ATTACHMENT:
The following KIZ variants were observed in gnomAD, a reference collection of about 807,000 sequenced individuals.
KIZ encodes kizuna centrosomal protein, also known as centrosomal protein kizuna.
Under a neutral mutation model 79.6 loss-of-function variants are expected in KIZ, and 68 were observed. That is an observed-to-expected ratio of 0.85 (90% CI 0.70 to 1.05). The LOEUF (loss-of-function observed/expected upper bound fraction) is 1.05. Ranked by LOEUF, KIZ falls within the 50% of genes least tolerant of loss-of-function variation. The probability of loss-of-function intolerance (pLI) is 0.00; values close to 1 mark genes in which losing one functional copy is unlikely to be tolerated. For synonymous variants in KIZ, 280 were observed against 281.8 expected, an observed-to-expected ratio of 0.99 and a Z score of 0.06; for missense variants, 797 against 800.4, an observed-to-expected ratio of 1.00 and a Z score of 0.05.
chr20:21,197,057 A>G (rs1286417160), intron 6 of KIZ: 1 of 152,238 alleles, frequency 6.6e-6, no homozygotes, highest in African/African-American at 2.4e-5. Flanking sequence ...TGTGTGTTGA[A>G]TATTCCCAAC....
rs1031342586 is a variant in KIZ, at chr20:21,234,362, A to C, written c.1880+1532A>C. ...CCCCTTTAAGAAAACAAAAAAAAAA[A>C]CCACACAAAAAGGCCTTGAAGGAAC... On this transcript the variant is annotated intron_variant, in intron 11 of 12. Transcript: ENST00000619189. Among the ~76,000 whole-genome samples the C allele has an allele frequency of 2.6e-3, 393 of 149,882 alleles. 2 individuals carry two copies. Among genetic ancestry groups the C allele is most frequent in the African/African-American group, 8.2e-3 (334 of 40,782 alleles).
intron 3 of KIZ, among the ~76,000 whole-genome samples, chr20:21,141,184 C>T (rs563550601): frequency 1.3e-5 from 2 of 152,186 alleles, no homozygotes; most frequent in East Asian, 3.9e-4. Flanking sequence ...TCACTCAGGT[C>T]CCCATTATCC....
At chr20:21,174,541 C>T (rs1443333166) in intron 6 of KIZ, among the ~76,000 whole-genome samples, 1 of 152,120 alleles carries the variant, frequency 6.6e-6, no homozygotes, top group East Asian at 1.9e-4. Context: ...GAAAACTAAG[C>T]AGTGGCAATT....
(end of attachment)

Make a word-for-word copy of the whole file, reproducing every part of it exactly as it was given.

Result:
The following KIZ variants were observed in gnomAD, a reference collection of about 807,000 sequenced individuals.
KIZ encodes kizuna centrosomal protein, also known as centrosomal protein kizuna.
Under a neutral mutation model 79.6 loss-of-function variants are expected in KIZ, and 68 were observed. That is an observed-to-expected ratio of 0.85 (90% CI 0.70 to 1.05). The LOEUF (loss-of-function observed/expected upper bound fraction) is 1.05. Ranked by LOEUF, KIZ falls within the 50% of genes least tolerant of loss-of-function variation. The probability of loss-of-function intolerance (pLI) is 0.00; values close to 1 mark genes in which losing one functional copy is unlikely to be tolerated. For synonymous variants in KIZ, 280 were observed against 281.8 expected, an observed-to-expected ratio of 0.99 and a Z score of 0.06; for missense variants, 797 against 800.4, an observed-to-expected ratio of 1.00 and a Z score of 0.05.
chr20:21,197,057 A>G (rs1286417160), intron 6 of KIZ: 1 of 152,238 alleles, frequency 6.6e-6, no homozygotes, highest in African/African-American at 2.4e-5. Flanking sequence ...TGTGTGTTGA[A>G]TATTCCCAAC....
rs1031342586 is a variant in KIZ, at chr20:21,234,362, A to C, written c.1880+1532A>C. ...CCCCTTTAAGAAAACAAAAAAAAAA[A>C]CCACACAAAAAGGCCTTGAAGGAAC... On this transcript the variant is annotated intron_variant, in intron 11 of 12. Transcript: ENST00000619189. Among the ~76,000 whole-genome samples the C allele has an allele frequency of 2.6e-3, 393 of 149,882 alleles. 2 individuals carry two copies. Among genetic ancestry groups the C allele is most frequent in the African/African-American group, 8.2e-3 (334 of 40,782 alleles).
intron 3 of KIZ, among the ~76,000 whole-genome samples, chr20:21,141,184 C>T (rs563550601): frequency 1.3e-5 from 2 of 152,186 alleles, no homozygotes; most frequent in East Asian, 3.9e-4. Flanking sequence ...TCACTCAGGT[C>T]CCCATTATCC....
At chr20:21,174,541 C>T (rs1443333166) in intron 6 of KIZ, among the ~76,000 whole-genome samples, 1 of 152,120 alleles carries the variant, frequency 6.6e-6, no homozygotes, top group East Asian at 1.9e-4. Context: ...GAAAACTAAG[C>T]AGTGGCAATT....